When it comes to SaaS, marketing is key, and there are many examples of SaaS from companies that really know their marketing, and have their niche thoroughly carved. Aspiring SaaS providers are often at a loss to determine exactly how to best present and market their service, be it advertising or sales plans.
In truth, the best way to determine these things is to look at the SaaS providers who did it right, and learn from them. Society has always worked this way, with individuals learning from the innovations of the past and building on them, and this is the key to progress as a whole.
So, let’s take a look at 3 examples of SaaS providers who did marketing right, one from each basic demographic (gaming, business and casual), and see what it is about their marketing and sales plans that works so splendidly. Let’s also look at some mistakes they’ve made along the way, and learn just as much from those.
For Business – SalesForce
SalesForce is a pricing and product cataloging system for various scales of business from individual to enterprise in size. Designed to track multiple pricing records, opportunity lists and purchases, SalesForce is modern answer to older CRM and merchandising software, designed to work with the new cloud and SaaS platforms and mentalities of the new millennium.
SalesForce offers a level of customization and modification that rivals even tried and true databasing systems like Access and Platypus, but provides the security only a cloud service could hope to provide, as well as outstanding data integrity.
Where SalesForce got their marketing model right was in designing multiple account types that allow for pricing depending on the scale of business that will be using it. They offer at least three, basic, professional and enterprise editions, each one a little costlier than the previous.
Of course, each one offers more levels of customization, programmability and functionality, which will motivate businesses to upgrade their accounts as they grow and the need for this functionality arises. Tiered marketing like this works remarkably well for business software, and allows a wide range of business demographics access to the same software, giving them only as much as they need and can afford at any given time.
Their mistake, however, is in how arbitrary the features available from one tier to the next are, with no real logic to which ones allow what. They seem to be addressing this though, but let us learn from this mistake and have some logic to this scale in the future.
For Gaming – Steam
There’s a lot to be said about Steam, and reviewers of SaaS platforms almost always include it in positive lists for one reason or another … and yes, there are good reasons for this. Steam is the pinnacle of well-designed gaming SaaS, not just in how it works, but how its marketing is designed as well.
Given that Steam is a gaming deployment platform, rather than a game studio itself, it handles marketing in two directions, both for developers and for consumers, and both models are pretty brilliant.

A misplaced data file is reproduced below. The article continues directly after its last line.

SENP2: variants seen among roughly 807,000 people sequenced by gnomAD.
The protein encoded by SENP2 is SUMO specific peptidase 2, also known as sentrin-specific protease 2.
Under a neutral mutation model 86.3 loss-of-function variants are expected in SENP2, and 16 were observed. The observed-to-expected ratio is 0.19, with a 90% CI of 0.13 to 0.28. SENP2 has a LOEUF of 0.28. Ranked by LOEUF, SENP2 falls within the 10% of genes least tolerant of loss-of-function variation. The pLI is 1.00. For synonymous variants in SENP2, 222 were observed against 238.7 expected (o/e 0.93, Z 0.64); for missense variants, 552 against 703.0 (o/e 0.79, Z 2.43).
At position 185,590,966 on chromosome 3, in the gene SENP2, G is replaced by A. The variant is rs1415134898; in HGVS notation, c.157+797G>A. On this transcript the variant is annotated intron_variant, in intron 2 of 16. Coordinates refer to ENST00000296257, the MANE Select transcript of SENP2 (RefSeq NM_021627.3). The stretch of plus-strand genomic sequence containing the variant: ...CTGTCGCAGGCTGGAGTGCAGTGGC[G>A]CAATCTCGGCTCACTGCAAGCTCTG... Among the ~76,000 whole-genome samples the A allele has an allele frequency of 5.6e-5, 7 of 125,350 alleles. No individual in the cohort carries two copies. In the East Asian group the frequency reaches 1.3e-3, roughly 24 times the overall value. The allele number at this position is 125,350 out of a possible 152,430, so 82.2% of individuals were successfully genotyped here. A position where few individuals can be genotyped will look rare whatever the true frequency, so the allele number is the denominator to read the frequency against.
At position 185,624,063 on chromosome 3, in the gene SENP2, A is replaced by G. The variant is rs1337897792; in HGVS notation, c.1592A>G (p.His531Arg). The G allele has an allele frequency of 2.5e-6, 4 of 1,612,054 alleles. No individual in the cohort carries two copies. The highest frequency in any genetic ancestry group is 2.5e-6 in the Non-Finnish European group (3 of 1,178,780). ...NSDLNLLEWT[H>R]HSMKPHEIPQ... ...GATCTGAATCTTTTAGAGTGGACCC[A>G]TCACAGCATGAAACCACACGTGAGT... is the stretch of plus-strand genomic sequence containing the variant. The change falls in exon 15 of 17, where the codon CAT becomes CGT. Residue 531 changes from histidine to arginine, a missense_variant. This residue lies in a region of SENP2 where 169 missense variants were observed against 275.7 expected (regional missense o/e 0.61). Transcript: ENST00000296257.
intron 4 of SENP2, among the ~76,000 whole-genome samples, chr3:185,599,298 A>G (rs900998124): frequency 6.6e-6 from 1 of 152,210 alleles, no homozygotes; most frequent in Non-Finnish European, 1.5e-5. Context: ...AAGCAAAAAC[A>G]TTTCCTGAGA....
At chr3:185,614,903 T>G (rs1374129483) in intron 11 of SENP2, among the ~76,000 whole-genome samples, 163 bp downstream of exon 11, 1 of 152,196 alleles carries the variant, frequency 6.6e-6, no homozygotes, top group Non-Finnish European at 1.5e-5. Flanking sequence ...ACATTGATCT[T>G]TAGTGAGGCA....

For consumers, Steam offers one-time purchases as well as free to play games, DLC systems and per-play models, and which model is applied is often at the discretion of the consumer. A gamer may choose to buy the game outright, play it in a crippled form for free, or pay for specific amounts of time playing the game. They allow the users to try the game before making a decision, either way. They have also announced that in the near future, an ad-powered system will be implemented for many of their games as another alternative.
For developers, they offer flexibility, charging a small licensing fee to be listed in the primary games list, or allowing free access to the indie pages, with small percentages of fees taken for each purchase. This gives developers chances to get their foot in the door where they otherwise could not.
Steam’s interface is a bit bulky, and their open model for developers has issues with letting a lot of really bad games into the indie pages. Perhaps some minor reduction of freedom there is wise.
For Social and Casual – Google Drive and Plus
Google is the king of marketing, and nobody really disputes this. Google’s clever ad-driven systems allow for anyone of any economic bracket to access their cloud-powered Drive and their Plus social networks at no cost to them.
At the same time, Google is a great platform to earn ad revenue with, via the AdSense system they offer to producers of content such as blogs, Tumblr and Reddit accounts and YouTube channels, matching Steam’s bidirectional marketing plan, with a non-gaming flavor.
For casual and social SaaS platforms, Google is on the top of examples of SaaS systems that have marketing down. Ad-powered free access is really the way to go here, rather than subscriptions or pay-per-access, which only seem to work for business models that have the capital to justify such purchases and continued expenses.
Google could learn to pay more attention to their UX metrics, as their redesigns of Gmail and YouTube have repeatedly been panned by critics, yet they persist in tinkering with them, worsening the problem.
These are the top examples of SaaS that got marketing right, but if you look around, there are many more to learn from, both from their good ideas and their calamitous mistakes.